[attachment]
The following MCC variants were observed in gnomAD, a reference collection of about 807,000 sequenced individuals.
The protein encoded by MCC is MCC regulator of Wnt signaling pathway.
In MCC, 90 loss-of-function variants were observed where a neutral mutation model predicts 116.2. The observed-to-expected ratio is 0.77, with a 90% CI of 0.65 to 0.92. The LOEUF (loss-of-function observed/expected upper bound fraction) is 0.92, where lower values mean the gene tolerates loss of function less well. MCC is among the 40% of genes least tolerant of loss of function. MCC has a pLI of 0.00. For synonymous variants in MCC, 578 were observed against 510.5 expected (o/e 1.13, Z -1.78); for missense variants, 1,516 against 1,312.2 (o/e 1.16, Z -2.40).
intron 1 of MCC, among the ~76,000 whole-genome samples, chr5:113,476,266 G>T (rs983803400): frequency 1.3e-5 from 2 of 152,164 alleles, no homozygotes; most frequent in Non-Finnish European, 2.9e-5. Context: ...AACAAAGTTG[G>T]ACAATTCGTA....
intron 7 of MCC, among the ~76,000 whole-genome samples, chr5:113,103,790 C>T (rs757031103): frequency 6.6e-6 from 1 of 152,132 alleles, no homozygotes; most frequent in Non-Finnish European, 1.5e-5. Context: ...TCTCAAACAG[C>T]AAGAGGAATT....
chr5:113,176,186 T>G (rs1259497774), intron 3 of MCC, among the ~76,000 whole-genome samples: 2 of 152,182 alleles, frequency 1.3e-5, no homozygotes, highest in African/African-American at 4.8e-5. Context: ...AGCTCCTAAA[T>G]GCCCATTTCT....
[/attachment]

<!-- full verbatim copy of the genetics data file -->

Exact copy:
The following MCC variants were observed in gnomAD, a reference collection of about 807,000 sequenced individuals.
The protein encoded by MCC is MCC regulator of Wnt signaling pathway.
In MCC, 90 loss-of-function variants were observed where a neutral mutation model predicts 116.2. The observed-to-expected ratio is 0.77, with a 90% CI of 0.65 to 0.92. The LOEUF (loss-of-function observed/expected upper bound fraction) is 0.92, where lower values mean the gene tolerates loss of function less well. MCC is among the 40% of genes least tolerant of loss of function. MCC has a pLI of 0.00. For synonymous variants in MCC, 578 were observed against 510.5 expected (o/e 1.13, Z -1.78); for missense variants, 1,516 against 1,312.2 (o/e 1.16, Z -2.40).
intron 1 of MCC, among the ~76,000 whole-genome samples, chr5:113,476,266 G>T (rs983803400): frequency 1.3e-5 from 2 of 152,164 alleles, no homozygotes; most frequent in Non-Finnish European, 2.9e-5. Context: ...AACAAAGTTG[G>T]ACAATTCGTA....
intron 7 of MCC, among the ~76,000 whole-genome samples, chr5:113,103,790 C>T (rs757031103): frequency 6.6e-6 from 1 of 152,132 alleles, no homozygotes; most frequent in Non-Finnish European, 1.5e-5. Context: ...TCTCAAACAG[C>T]AAGAGGAATT....
chr5:113,176,186 T>G (rs1259497774), intron 3 of MCC, among the ~76,000 whole-genome samples: 2 of 152,182 alleles, frequency 1.3e-5, no homozygotes, highest in African/African-American at 4.8e-5. Context: ...AGCTCCTAAA[T>G]GCCCATTTCT....